“How else to describe this, but as a form of mass insanity. Just when we know we need to be learning to live on the surface of our planet, off the power of sun, wind and waves; we are frantically digging to get at the dirtiest, highest emitting stuff imaginable…”
The brilliant Naomi Klein delivered this TED talk at on December 8, 2010, in Washington, DC. (A transcript of her speech is to be found below the fold).
For unlucky residents of the Gulf States, the BP oil-spill disaster, coming up on 100 days, could take another turn for the worst if one of the storms churning up tropical waters in the Atlantic Ocean blossoms into a full-blown hurricane and heads into the Gulf of Mexico.
For several already marginalized Native tribes living on the Louisiana Coast – many of them fishermen and shrimpers – a hurricane crashing through the oil-polluted Gulf now could destroy a way of life that has survived for centuries.
Already, the tribal land among the coastal bayous is disappearing faster than anywhere on the planet, the victim of unbridled oil exploration and dam building projects of the Army Corps of Engineers dating back to the 1930s.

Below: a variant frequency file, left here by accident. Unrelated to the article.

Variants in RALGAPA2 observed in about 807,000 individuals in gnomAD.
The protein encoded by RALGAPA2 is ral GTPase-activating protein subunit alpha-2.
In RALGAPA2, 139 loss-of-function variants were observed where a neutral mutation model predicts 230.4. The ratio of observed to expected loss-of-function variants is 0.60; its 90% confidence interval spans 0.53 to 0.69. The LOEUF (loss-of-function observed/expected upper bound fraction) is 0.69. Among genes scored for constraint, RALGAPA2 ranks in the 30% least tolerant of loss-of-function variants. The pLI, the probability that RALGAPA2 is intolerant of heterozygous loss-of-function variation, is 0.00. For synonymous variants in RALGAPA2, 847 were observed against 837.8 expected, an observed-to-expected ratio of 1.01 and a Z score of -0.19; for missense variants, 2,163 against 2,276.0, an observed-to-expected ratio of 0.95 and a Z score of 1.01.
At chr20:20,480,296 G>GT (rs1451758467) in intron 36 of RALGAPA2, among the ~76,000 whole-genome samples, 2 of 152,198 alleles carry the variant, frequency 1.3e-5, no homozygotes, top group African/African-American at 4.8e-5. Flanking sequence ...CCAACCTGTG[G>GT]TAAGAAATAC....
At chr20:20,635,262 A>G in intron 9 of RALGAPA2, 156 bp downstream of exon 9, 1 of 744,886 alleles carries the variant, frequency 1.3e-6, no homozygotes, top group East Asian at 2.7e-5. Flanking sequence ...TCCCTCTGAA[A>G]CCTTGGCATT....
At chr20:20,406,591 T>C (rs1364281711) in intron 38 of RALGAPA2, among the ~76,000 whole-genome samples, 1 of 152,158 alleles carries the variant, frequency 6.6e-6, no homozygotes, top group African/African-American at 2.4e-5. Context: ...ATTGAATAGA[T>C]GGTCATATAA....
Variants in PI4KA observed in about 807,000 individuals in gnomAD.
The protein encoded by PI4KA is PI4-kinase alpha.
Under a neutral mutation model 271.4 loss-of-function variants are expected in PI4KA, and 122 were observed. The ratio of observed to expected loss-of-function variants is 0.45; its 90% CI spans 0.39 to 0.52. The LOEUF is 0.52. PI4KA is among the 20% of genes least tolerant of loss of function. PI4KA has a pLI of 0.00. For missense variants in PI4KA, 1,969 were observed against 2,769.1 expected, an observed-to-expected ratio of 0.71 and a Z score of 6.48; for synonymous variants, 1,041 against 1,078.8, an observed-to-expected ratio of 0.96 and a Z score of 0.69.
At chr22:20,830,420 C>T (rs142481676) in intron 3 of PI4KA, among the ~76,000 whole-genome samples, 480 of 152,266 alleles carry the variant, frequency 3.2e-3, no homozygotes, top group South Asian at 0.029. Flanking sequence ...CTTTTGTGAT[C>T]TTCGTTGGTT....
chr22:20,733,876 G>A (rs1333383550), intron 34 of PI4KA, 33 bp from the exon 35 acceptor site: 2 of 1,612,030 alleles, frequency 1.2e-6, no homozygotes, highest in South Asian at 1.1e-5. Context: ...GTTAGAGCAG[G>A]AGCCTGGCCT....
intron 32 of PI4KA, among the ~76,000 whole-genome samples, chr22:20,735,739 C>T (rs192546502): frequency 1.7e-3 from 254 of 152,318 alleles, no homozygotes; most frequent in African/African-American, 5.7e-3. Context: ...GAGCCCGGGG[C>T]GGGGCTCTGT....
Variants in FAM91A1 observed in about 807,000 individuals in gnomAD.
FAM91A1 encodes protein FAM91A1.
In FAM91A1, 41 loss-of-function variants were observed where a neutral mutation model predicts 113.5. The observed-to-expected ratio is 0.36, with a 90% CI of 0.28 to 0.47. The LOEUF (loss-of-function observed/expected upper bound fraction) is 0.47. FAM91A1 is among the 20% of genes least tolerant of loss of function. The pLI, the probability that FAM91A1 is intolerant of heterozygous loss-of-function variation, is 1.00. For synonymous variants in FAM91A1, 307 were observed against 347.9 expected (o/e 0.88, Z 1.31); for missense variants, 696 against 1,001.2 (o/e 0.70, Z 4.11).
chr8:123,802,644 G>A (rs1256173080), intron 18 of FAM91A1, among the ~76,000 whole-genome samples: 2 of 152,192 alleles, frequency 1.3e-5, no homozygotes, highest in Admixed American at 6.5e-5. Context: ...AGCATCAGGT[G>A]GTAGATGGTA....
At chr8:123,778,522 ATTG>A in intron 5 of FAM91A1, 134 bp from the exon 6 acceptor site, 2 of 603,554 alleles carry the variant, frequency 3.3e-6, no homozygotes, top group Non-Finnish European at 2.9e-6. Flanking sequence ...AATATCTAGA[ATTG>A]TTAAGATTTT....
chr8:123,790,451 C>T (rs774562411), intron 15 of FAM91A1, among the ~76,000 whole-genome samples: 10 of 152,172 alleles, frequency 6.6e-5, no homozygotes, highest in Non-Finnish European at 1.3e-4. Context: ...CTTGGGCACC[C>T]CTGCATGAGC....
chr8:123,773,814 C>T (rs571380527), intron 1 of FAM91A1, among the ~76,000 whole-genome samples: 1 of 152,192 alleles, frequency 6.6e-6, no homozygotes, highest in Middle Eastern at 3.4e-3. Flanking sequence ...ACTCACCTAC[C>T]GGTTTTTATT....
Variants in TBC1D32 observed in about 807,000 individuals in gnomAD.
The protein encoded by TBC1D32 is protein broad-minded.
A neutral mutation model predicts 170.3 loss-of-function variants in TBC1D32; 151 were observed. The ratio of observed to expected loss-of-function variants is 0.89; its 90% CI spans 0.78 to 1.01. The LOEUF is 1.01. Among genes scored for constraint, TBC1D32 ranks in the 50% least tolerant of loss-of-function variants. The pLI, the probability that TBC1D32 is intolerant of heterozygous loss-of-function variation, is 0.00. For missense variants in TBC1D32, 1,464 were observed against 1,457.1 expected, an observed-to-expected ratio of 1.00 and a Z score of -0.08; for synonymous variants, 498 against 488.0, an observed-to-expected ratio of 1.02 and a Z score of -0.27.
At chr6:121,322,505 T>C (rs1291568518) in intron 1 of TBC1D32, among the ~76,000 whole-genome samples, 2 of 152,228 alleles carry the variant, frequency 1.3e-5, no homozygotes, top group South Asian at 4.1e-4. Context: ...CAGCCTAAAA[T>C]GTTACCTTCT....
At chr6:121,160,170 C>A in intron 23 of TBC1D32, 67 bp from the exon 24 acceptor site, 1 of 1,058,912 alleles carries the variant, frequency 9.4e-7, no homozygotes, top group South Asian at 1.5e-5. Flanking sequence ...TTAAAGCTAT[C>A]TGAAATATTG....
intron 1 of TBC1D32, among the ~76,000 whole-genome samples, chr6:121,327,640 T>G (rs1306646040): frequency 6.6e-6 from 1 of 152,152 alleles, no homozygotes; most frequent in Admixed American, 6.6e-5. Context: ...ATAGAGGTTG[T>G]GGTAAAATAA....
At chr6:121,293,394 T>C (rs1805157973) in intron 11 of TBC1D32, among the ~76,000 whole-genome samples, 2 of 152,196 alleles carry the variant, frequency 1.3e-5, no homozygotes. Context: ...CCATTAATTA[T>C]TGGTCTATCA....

“For us it’s more like a hundred years of oil disasters than a hundred days,” said Chief Charles Verdin of the Pointe au Chien tribe. “And really when you look at it … it’s business as usual. The tribes being ignored, forgotten, overlooked, and forced from their land.”
Scientists and environmentalists across the United States and around the globe have their fingers crossed that BP’s claim to have finally capped its runaway well, after three months, is true, and that the damage of history’s worst environmental disaster can now be assessed in finite terms.
Yet, it will take years, if not decades, to truly comprehend the extent of the devastation: the dead and damaged wildlife, the soiled beaches and marshes, and the huge swaths of the sea that may become dead zones, so polluted that fish and other animals can’t survive there.